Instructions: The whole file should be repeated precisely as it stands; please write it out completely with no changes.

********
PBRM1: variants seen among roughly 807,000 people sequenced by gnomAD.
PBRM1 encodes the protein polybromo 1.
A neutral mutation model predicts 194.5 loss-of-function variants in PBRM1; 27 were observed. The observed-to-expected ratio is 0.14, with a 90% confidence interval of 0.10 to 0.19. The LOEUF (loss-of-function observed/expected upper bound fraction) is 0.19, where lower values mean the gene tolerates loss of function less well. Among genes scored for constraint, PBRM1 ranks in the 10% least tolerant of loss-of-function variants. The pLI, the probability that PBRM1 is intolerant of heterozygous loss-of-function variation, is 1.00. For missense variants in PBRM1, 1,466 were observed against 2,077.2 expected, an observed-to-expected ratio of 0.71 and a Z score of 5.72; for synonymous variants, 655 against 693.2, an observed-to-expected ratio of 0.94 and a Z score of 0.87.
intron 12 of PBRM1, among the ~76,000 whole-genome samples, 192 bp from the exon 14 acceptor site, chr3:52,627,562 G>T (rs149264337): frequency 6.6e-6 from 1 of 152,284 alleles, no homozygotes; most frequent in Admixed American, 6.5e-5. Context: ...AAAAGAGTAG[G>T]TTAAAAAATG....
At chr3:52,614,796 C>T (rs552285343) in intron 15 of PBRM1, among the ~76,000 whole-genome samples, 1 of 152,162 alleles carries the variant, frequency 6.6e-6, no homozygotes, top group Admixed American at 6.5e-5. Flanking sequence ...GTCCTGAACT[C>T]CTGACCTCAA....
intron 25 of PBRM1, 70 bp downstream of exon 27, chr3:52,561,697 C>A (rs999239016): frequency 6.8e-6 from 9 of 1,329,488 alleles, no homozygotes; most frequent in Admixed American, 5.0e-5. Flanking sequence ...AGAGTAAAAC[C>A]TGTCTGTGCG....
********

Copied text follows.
PBRM1: variants seen among roughly 807,000 people sequenced by gnomAD.
PBRM1 encodes the protein polybromo 1.
A neutral mutation model predicts 194.5 loss-of-function variants in PBRM1; 27 were observed. The observed-to-expected ratio is 0.14, with a 90% confidence interval of 0.10 to 0.19. The LOEUF (loss-of-function observed/expected upper bound fraction) is 0.19, where lower values mean the gene tolerates loss of function less well. Among genes scored for constraint, PBRM1 ranks in the 10% least tolerant of loss-of-function variants. The pLI, the probability that PBRM1 is intolerant of heterozygous loss-of-function variation, is 1.00. For missense variants in PBRM1, 1,466 were observed against 2,077.2 expected, an observed-to-expected ratio of 0.71 and a Z score of 5.72; for synonymous variants, 655 against 693.2, an observed-to-expected ratio of 0.94 and a Z score of 0.87.
intron 12 of PBRM1, among the ~76,000 whole-genome samples, 192 bp from the exon 14 acceptor site, chr3:52,627,562 G>T (rs149264337): frequency 6.6e-6 from 1 of 152,284 alleles, no homozygotes; most frequent in Admixed American, 6.5e-5. Context: ...AAAAGAGTAG[G>T]TTAAAAAATG....
At chr3:52,614,796 C>T (rs552285343) in intron 15 of PBRM1, among the ~76,000 whole-genome samples, 1 of 152,162 alleles carries the variant, frequency 6.6e-6, no homozygotes, top group Admixed American at 6.5e-5. Flanking sequence ...GTCCTGAACT[C>T]CTGACCTCAA....
intron 25 of PBRM1, 70 bp downstream of exon 27, chr3:52,561,697 C>A (rs999239016): frequency 6.8e-6 from 9 of 1,329,488 alleles, no homozygotes; most frequent in Admixed American, 5.0e-5. Flanking sequence ...AGAGTAAAAC[C>A]TGTCTGTGCG....